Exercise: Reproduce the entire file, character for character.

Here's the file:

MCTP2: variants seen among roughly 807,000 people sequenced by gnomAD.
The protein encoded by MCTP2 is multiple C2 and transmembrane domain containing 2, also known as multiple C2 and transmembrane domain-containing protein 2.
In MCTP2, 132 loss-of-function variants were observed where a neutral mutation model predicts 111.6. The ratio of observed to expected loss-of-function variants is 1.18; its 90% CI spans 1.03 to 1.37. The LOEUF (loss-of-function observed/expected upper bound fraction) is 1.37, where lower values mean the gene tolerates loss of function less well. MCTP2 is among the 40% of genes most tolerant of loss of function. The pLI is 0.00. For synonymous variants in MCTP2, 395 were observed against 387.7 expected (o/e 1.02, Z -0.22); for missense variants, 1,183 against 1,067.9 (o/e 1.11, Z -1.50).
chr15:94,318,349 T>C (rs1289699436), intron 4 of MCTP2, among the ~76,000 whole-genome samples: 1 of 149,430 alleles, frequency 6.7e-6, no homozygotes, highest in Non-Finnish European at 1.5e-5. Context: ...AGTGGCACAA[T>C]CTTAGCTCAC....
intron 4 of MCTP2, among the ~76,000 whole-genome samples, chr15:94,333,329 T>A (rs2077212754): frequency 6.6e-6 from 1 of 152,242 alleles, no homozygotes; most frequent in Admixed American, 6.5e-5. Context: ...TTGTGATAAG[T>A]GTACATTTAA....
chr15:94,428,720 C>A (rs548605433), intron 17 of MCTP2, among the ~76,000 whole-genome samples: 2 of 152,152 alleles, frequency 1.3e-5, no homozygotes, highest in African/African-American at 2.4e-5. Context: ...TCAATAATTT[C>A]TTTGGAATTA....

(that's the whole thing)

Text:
MCTP2: variants seen among roughly 807,000 people sequenced by gnomAD.
The protein encoded by MCTP2 is multiple C2 and transmembrane domain containing 2, also known as multiple C2 and transmembrane domain-containing protein 2.
In MCTP2, 132 loss-of-function variants were observed where a neutral mutation model predicts 111.6. The ratio of observed to expected loss-of-function variants is 1.18; its 90% CI spans 1.03 to 1.37. The LOEUF (loss-of-function observed/expected upper bound fraction) is 1.37, where lower values mean the gene tolerates loss of function less well. MCTP2 is among the 40% of genes most tolerant of loss of function. The pLI is 0.00. For synonymous variants in MCTP2, 395 were observed against 387.7 expected (o/e 1.02, Z -0.22); for missense variants, 1,183 against 1,067.9 (o/e 1.11, Z -1.50).
chr15:94,318,349 T>C (rs1289699436), intron 4 of MCTP2, among the ~76,000 whole-genome samples: 1 of 149,430 alleles, frequency 6.7e-6, no homozygotes, highest in Non-Finnish European at 1.5e-5. Context: ...AGTGGCACAA[T>C]CTTAGCTCAC....
intron 4 of MCTP2, among the ~76,000 whole-genome samples, chr15:94,333,329 T>A (rs2077212754): frequency 6.6e-6 from 1 of 152,242 alleles, no homozygotes; most frequent in Admixed American, 6.5e-5. Context: ...TTGTGATAAG[T>A]GTACATTTAA....
chr15:94,428,720 C>A (rs548605433), intron 17 of MCTP2, among the ~76,000 whole-genome samples: 2 of 152,152 alleles, frequency 1.3e-5, no homozygotes, highest in African/African-American at 2.4e-5. Context: ...TCAATAATTT[C>A]TTTGGAATTA....